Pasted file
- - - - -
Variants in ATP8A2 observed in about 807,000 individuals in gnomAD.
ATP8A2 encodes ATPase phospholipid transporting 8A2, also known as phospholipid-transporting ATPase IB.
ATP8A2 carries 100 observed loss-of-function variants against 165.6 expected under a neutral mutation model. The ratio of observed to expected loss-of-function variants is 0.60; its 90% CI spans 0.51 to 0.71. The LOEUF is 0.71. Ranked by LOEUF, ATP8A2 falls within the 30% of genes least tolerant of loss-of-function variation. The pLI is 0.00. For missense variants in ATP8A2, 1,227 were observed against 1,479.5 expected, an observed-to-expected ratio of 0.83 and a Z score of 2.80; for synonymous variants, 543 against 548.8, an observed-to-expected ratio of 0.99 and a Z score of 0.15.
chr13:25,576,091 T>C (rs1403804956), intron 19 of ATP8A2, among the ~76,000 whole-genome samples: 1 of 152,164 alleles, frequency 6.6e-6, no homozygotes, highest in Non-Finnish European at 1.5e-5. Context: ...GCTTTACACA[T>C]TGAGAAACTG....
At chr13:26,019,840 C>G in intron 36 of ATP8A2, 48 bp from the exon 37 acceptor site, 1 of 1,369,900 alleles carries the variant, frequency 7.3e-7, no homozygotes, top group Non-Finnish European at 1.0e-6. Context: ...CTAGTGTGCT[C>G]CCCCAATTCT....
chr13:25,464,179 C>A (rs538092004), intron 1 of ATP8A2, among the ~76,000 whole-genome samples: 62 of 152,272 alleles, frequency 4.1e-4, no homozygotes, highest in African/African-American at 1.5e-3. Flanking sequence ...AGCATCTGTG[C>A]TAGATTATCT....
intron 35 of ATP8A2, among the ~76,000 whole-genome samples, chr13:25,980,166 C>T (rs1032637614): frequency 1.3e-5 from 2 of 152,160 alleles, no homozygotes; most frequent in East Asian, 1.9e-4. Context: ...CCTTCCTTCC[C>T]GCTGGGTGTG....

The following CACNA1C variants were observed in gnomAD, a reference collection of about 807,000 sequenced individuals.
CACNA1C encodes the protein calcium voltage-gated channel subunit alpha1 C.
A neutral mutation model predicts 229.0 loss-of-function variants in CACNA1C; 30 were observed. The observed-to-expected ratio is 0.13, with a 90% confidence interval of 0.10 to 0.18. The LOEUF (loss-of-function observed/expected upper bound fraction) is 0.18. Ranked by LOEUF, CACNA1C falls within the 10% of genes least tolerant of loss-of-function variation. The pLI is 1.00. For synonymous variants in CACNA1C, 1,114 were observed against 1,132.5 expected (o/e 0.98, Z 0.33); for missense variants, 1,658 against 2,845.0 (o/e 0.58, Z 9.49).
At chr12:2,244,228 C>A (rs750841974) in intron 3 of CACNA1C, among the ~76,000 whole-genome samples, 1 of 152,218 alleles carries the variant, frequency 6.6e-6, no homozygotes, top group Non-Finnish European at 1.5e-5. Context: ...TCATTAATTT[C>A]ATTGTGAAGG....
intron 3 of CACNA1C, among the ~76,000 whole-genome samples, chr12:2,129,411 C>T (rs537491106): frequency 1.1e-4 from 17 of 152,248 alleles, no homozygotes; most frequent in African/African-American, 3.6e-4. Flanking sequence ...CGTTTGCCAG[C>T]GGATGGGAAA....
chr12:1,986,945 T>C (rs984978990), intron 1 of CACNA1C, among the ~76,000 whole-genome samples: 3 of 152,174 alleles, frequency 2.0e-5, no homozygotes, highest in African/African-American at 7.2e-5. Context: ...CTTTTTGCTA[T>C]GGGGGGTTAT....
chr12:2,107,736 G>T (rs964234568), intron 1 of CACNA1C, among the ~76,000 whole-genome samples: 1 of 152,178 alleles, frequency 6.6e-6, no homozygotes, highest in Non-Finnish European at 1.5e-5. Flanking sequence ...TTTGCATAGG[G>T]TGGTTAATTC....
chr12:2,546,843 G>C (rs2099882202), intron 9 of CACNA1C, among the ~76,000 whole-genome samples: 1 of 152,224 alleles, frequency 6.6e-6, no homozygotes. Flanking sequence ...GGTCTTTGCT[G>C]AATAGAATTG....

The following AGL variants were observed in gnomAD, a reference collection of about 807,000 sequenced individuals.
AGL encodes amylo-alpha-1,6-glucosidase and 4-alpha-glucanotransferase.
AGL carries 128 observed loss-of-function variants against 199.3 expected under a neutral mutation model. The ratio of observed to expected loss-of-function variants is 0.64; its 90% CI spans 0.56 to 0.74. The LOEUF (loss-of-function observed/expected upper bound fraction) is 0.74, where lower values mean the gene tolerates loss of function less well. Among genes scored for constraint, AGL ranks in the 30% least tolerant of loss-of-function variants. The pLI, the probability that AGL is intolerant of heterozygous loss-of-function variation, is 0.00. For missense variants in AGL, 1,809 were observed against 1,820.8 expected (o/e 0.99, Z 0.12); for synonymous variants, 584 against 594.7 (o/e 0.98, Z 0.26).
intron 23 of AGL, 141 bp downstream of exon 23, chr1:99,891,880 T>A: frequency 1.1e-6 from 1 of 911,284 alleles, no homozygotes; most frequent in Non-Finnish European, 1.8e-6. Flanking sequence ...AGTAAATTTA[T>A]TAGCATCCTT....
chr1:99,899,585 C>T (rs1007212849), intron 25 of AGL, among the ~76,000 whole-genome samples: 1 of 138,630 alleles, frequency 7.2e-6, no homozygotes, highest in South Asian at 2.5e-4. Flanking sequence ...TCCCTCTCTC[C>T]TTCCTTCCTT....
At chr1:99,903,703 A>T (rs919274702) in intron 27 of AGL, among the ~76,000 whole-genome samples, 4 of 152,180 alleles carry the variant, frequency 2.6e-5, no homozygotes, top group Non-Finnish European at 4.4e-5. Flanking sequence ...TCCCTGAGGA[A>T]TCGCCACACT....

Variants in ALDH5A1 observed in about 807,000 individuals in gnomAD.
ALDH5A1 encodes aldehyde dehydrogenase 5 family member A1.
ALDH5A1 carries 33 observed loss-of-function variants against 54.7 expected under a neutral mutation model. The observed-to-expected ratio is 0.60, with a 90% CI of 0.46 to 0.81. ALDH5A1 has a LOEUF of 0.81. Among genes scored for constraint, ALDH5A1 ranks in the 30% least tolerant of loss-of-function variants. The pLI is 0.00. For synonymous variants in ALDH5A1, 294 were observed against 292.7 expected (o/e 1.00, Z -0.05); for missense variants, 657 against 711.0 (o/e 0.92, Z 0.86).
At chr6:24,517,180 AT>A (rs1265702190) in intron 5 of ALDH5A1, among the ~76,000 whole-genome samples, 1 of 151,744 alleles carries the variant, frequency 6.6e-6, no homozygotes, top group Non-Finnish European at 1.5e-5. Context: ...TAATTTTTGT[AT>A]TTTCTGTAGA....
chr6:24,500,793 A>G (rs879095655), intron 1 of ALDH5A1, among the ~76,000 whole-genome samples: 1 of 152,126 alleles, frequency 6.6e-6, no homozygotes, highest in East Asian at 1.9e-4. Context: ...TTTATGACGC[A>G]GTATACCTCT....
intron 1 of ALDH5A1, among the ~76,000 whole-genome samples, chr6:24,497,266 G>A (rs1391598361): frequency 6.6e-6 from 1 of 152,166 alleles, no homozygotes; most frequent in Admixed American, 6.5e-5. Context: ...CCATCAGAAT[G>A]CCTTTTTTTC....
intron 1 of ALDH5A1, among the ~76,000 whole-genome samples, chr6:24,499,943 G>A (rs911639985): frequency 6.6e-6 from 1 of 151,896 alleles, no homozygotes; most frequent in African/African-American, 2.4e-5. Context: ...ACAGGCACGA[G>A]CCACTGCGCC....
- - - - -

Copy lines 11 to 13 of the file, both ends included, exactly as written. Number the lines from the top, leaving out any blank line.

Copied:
At chr12:2,244,228 C>A (rs750841974) in intron 3 of CACNA1C, among the ~76,000 whole-genome samples, 1 of 152,218 alleles carries the variant, frequency 6.6e-6, no homozygotes, top group Non-Finnish European at 1.5e-5. Context: ...TCATTAATTT[C>A]ATTGTGAAGG....
intron 3 of CACNA1C, among the ~76,000 whole-genome samples, chr12:2,129,411 C>T (rs537491106): frequency 1.1e-4 from 17 of 152,248 alleles, no homozygotes; most frequent in African/African-American, 3.6e-4. Flanking sequence ...CGTTTGCCAG[C>T]GGATGGGAAA....
chr12:1,986,945 T>C (rs984978990), intron 1 of CACNA1C, among the ~76,000 whole-genome samples: 3 of 152,174 alleles, frequency 2.0e-5, no homozygotes, highest in African/African-American at 7.2e-5. Context: ...CTTTTTGCTA[T>C]GGGGGGTTAT....